Comedy legend gets a rare tribute as NBC airs annual ceremony
Relatively few people in the entertainment business have awards named for them.
This weekend, a long-beloved comedy icon joins that rarefied list.
On Sunday (Jan. 6), the Carol Burnett Award will be made a permanent part of the Golden Globe Awards as NBC airs the 76th edition of the Hollywood Foreign Press Association’s annual honors for movies and television. Marking the first time the organization has named an award for one person, the accolade will salute each year’s recipient’s work in (and lasting effect on) the TV industry, whether in front of the cameras or behind them.
It’s little wonder a new tribute had to be created for Burnett, since her own career is so legendary, it encompasses virtually every major honor a talent in her field can receive. Among them: multiple Golden Globe and Emmy Awards, a Peabody Award, the Kennedy Center Honors, the Screen Actors Guild Lifetime Achievement Award, the Mark Twain Prize for American Humor, the Women in Film Crystal Award, membership in the Television Hall of Fame, the Presidential Medal of Freedom, and – of course – a star on the Hollywood Walk of Fame.
“The Carol Burnett Show” established its star as a trailblazer, and she compared notes with another one in her rise to stardom.
“Lucy was a mentor,” Burnett has told us about Lucille Ball, “and she was such a good friend, and so encouraging. She wanted to sign me up to do a sitcom, but I refused, because I didn’t want to do one character every week. She understood, and when I got the chance to do my show, I talked to CBS about doing a variety show. They said, ‘That’s a man’s game,’ but I had a clause in my contract that if I wanted to do a one-hour variety show, they had to put it on.”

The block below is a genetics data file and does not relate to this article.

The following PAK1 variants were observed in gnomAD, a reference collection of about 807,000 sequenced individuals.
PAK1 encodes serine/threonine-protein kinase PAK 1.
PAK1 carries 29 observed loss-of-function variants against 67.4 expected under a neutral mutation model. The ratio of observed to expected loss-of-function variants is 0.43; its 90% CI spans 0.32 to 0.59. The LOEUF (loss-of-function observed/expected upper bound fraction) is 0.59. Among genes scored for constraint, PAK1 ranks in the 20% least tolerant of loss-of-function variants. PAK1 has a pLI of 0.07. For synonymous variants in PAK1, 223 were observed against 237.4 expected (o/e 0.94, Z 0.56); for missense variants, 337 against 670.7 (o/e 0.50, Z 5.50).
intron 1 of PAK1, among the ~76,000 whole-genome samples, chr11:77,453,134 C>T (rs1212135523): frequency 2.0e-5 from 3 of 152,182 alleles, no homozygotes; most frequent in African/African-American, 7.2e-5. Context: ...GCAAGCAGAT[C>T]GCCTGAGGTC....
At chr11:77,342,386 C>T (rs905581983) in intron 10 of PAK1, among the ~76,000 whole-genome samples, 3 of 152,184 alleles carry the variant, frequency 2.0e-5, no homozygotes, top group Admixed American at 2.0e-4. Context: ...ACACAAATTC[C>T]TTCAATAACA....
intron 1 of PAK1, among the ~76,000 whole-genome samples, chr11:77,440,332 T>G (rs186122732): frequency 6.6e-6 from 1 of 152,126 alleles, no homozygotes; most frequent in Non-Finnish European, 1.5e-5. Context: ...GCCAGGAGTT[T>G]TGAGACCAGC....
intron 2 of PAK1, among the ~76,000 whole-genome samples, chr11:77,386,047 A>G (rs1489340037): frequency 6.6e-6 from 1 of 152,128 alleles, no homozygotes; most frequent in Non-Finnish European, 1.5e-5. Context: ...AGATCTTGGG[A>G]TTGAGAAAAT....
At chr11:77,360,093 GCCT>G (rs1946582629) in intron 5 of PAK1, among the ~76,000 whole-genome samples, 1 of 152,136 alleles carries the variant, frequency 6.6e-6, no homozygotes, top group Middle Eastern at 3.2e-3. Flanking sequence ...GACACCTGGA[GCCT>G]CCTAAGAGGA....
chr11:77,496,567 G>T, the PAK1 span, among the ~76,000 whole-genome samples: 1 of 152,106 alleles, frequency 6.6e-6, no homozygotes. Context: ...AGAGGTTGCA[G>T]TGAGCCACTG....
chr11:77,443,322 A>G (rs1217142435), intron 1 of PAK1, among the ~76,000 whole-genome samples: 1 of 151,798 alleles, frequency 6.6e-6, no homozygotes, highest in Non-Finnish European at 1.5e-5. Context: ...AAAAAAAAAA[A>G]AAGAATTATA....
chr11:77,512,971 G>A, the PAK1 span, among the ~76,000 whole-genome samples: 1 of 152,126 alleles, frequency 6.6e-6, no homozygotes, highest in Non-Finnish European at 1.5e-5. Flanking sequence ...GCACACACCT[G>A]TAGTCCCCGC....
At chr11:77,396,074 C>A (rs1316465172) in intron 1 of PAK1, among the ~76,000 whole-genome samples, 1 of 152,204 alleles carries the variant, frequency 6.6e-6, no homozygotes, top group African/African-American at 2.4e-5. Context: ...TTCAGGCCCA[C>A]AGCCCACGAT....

Burnett appreciates having made her claim to TV fame at the time she did: “People like Carl Reiner with ‘The Dick Van Dyke Show’ and Norman Lear with ‘All in the Family,’ they knew what they were doing. And (the network) left us alone, too. I remember there always used to be a CBS person around, and our head writer once said, ‘His main job is to warn us when there’s an iceberg coming down (Los Angeles’) Fairfax Avenue.’ He never said a word.”
These days, Burnett isn’t resting on her laurels … with last year having encompassed her Netflix series “A Little Help With Carol Burnett,” a guest appearance on TBS’ “Angie Tribeca” and a role in the Hallmark Channel movie “Signed, Sealed, Delivered: To the Altar.” She also continues to tour with her one-woman stage show, commenting on clips from her classic comedy-variety series and holding to tradition by taking questions from the audience.
“I objected,” Burnett admits of her initial reaction to the ultimately famous Q&A segment. “I didn’t think anybody was going to believe we weren’t planting people in the audience to ask the questions. (Veteran TV producer Bob Banner) said, ‘Well, try it a couple of times.’ I did, and I realized people at home would know it was truthful … because I don’t think we ever could have written some of those questions.”
While she continues to look ahead, Burnett also is wistful about times that the Golden Globes’ new Carol Burnett Award commemorates.
“Maybe there were people who had as much fun as we did, but I’d be hard-pressed to think they might have had more,” she reflects. “You could tell the camaraderie on shows like Mary Tyler Moore’s and Dick Van Dyke’s. You could see the love and the joy they had in creating those programs. It’s hard to find that anymore.”